Project details


Influence of allergy on bronchial parameters from low-dose CT in a general Dutch population

CT imaging Radiology image biomarker

dr. R. Vliegenhart
drs. I. Dudurych

Type of project:
Pilot project (year 2 or 3) of Stage Wetenschap / Researchproject

Nature of the research:
Retrospective study based on chest CT scans from a population-based study, called Imaging in Lifelines (ImaLife).

Fields of study:

Background / introduction
Lung cancer, chronic obstructive pulmonary disease, and cardiovascular disease (COPD) are called the “big 3” diseases. The “big 3” are on the rise in developed countries, contributing to an increasing health and economic burden. Early detection of respiratory illness may help reduce the development of disease and improve population health. For accurate assessment of airway changes, reference imaging biomarkers require establishment.
Previous research has indicated that atopy has a significant influence on bronchial parameters in the asthma and COPD populations, however the impact of allergic traits is unclear in the general population.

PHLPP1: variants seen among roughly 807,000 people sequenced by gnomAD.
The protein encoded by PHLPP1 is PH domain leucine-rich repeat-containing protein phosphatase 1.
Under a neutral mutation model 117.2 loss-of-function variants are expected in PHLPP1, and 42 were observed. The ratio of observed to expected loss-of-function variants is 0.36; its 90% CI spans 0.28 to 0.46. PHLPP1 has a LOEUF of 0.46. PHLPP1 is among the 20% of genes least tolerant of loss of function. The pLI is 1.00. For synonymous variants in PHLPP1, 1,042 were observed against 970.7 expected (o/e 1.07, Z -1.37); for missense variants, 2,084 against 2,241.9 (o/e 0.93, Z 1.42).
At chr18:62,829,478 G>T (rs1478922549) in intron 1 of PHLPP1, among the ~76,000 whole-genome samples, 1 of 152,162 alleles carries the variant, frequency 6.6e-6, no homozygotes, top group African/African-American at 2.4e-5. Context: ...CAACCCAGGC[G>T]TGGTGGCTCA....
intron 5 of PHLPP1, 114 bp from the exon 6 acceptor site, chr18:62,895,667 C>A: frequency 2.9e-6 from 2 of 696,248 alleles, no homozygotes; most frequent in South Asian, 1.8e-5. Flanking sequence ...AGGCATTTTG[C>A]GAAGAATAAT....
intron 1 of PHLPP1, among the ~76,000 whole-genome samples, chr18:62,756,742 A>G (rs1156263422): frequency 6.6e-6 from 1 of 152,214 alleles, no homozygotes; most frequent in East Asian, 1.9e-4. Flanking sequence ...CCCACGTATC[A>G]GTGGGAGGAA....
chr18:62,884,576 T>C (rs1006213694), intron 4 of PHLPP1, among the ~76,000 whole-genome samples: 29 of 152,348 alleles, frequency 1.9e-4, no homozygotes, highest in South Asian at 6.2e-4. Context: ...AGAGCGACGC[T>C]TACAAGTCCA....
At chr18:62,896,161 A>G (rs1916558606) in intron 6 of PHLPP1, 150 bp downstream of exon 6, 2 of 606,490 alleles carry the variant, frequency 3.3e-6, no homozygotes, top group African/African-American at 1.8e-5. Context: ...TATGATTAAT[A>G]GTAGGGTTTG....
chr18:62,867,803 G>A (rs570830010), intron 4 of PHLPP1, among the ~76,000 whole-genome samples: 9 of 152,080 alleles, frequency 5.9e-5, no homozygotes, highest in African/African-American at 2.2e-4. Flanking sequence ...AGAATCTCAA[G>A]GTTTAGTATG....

Research question / problem definition
We propose to investigate whether there are differences in bronchial parameters of the general population due to allergic traits such as hay-fever.
Artificial intelligence methods have been developed to automatically quantify bronchial parameters such as the airway luminal area and percentage wall area. These tools can be used on Imaging in Lifelines scans (ImaLife) to measure bronchial parameters in the general population. This unique dataset is linked with data from the Lifelines project and allows for investigation into the change in bronchial parameters in an individual based on multiple factors. The results of this study give insight into the influence of allergy on bronchial parameters, and how this relates to pulmonary disease.
Xia C, Rook M, Pelgrim GJ, et al (2019) Early imaging biomarkers of lung cancer, COPD and coronary artery disease in the general population: rationale and design of the ImaLife (Imaging in Lifelines) Study. Eur J Epidemiol.
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